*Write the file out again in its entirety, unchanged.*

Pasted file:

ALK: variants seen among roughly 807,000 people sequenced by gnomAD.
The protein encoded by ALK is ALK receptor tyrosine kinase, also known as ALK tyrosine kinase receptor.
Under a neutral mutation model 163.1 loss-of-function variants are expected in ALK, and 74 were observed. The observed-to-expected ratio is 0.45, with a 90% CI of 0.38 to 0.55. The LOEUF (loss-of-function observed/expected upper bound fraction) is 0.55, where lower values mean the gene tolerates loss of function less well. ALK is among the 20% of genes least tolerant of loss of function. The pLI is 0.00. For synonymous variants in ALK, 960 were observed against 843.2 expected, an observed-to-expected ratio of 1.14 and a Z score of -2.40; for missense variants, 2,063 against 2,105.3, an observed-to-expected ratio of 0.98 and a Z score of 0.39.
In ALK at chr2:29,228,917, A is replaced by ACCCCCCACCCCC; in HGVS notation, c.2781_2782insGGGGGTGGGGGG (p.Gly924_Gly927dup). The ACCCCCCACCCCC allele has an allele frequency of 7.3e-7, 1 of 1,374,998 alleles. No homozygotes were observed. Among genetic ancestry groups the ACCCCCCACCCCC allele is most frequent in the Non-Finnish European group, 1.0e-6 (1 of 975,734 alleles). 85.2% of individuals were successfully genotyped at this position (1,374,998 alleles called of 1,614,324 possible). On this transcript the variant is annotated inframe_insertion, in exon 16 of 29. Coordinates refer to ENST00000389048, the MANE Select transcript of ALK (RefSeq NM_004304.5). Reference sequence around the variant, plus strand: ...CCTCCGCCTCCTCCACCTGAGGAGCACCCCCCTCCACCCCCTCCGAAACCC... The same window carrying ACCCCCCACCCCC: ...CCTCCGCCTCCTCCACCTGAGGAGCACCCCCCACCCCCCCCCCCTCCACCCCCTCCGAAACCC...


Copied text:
ALK: variants seen among roughly 807,000 people sequenced by gnomAD.
The protein encoded by ALK is ALK receptor tyrosine kinase, also known as ALK tyrosine kinase receptor.
Under a neutral mutation model 163.1 loss-of-function variants are expected in ALK, and 74 were observed. The observed-to-expected ratio is 0.45, with a 90% CI of 0.38 to 0.55. The LOEUF (loss-of-function observed/expected upper bound fraction) is 0.55, where lower values mean the gene tolerates loss of function less well. ALK is among the 20% of genes least tolerant of loss of function. The pLI is 0.00. For synonymous variants in ALK, 960 were observed against 843.2 expected, an observed-to-expected ratio of 1.14 and a Z score of -2.40; for missense variants, 2,063 against 2,105.3, an observed-to-expected ratio of 0.98 and a Z score of 0.39.
In ALK at chr2:29,228,917, A is replaced by ACCCCCCACCCCC; in HGVS notation, c.2781_2782insGGGGGTGGGGGG (p.Gly924_Gly927dup). The ACCCCCCACCCCC allele has an allele frequency of 7.3e-7, 1 of 1,374,998 alleles. No homozygotes were observed. Among genetic ancestry groups the ACCCCCCACCCCC allele is most frequent in the Non-Finnish European group, 1.0e-6 (1 of 975,734 alleles). 85.2% of individuals were successfully genotyped at this position (1,374,998 alleles called of 1,614,324 possible). On this transcript the variant is annotated inframe_insertion, in exon 16 of 29. Coordinates refer to ENST00000389048, the MANE Select transcript of ALK (RefSeq NM_004304.5). Reference sequence around the variant, plus strand: ...CCTCCGCCTCCTCCACCTGAGGAGCACCCCCCTCCACCCCCTCCGAAACCC... The same window carrying ACCCCCCACCCCC: ...CCTCCGCCTCCTCCACCTGAGGAGCACCCCCCACCCCCCCCCCCTCCACCCCCTCCGAAACCC...